Characteristics of nasal resonance and perceptual rating in prelingual hearing impaired adults.
Eun Yeon Kim ; ·Mi Sun Yoon ; Sung Hwa Hong ; Eun Sook Park ; Chung Mo Nam ; Hyang Hee Kim
Clinical and Experimental Otorhinolaryngology, Vol.5(1) : 1~9, 2012
Clinical and Experimental Otorhinolaryngology
OBJECTIVES: Resonance problems in hearing impaired (HI) individuals have been described as aspects of nasality. However, there are limitations in being able to explain the range of resonance problems. Therefore, this study suggests a perceptual rating that will effectively explain the characteristics of resonance problems in HI individuals.
METHODS: Nasalance scores were obtained from 32 subjects in each of HI and normal hearing (NH) groups using a nasometer. The subjects were categorized into groups based on normal and abnormal nasalance ranges. The abnormal nasalance range group was further divided into hyper-, hypo-, and mixed-nasal groups. Nasalance scores were based the individuals performance in a series of passage and syllable tasks. The perceptual rating was evaluated using a newly introduced tool, 'vertical focus of resonance' (VFR), which focuses on the resonance energy in the frontal, throat, pharyngeal and nasal locations.
RESULTS: The NH group demonstrated a significantly lower nasalance score in the oral coupling and passage tasks than the HI group. Based on the results of nasalance correlation analysis, the HI group showed highly significant correlations between syllable and passage tasks, as contrasted with the NH group. There were significant differences in VFR between the nasalance types in both the NH and the HI groups.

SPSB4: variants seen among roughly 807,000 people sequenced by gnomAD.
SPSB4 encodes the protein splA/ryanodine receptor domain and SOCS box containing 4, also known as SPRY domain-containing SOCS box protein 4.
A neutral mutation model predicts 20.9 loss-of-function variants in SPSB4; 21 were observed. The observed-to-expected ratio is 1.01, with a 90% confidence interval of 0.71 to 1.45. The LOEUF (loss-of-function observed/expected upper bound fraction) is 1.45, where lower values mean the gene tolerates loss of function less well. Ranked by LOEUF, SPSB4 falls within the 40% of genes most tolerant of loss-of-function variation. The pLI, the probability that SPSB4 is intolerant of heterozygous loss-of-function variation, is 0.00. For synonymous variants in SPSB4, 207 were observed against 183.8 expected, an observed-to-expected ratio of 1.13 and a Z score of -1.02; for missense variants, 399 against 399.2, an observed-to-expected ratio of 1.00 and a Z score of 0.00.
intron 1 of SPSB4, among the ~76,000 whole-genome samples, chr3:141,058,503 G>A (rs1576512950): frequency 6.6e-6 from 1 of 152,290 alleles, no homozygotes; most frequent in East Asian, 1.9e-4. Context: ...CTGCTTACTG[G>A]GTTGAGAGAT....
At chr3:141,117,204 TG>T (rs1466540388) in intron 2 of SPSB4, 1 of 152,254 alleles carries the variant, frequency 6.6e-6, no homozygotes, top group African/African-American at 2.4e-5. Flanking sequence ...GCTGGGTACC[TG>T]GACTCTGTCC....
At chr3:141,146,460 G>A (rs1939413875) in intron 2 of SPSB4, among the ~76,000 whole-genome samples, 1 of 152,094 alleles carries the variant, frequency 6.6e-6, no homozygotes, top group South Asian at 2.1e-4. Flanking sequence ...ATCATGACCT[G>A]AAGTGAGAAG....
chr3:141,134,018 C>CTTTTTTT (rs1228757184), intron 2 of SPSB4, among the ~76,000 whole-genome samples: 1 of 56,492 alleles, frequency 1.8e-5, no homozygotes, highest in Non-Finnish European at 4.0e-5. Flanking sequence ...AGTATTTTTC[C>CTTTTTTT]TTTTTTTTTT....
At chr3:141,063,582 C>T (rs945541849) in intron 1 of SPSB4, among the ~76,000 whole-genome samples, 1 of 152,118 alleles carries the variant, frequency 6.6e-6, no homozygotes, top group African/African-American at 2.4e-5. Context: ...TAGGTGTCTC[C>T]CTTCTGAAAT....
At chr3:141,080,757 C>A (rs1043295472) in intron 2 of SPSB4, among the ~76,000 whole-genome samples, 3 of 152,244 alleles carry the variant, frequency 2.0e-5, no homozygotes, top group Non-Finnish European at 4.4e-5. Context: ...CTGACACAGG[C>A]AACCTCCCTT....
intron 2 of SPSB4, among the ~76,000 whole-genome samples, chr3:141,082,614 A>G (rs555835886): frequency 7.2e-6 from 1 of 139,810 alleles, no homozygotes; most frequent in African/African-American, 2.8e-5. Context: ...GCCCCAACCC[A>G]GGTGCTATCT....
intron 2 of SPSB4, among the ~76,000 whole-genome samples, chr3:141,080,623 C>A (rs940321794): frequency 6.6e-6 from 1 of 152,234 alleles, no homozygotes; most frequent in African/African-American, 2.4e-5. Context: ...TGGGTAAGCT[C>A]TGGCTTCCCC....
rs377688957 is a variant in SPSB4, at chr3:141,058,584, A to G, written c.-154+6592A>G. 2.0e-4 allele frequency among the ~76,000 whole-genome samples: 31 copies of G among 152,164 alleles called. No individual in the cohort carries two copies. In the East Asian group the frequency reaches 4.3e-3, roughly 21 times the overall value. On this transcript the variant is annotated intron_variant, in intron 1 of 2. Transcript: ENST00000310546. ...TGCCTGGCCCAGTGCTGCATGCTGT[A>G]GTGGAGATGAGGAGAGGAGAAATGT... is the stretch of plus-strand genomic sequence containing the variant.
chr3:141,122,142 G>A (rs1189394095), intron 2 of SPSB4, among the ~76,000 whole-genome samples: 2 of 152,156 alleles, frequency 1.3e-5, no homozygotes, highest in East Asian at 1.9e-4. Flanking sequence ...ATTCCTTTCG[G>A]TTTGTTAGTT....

CONCLUSION: The HI hyper-nasal group showed tendencies of velopharyngeal opening, as opposed to the HI hypo-nasal group which showed tendencies of velopharyngeal closure. The HI mixed-nasal group showed inappropriate coordination of velopharyngeal function. In the HI group, the results of VFR showed that the air flow and the resonance energy were not released from the cavity of resonance. The suggested VFR tool explains the focusing characteristics of resonance energy within a continuation of speech sound regardless of the phonetic environment. Therefore, VFR may be a useful tool in explaining the deviant resonance patterns of HI individuals.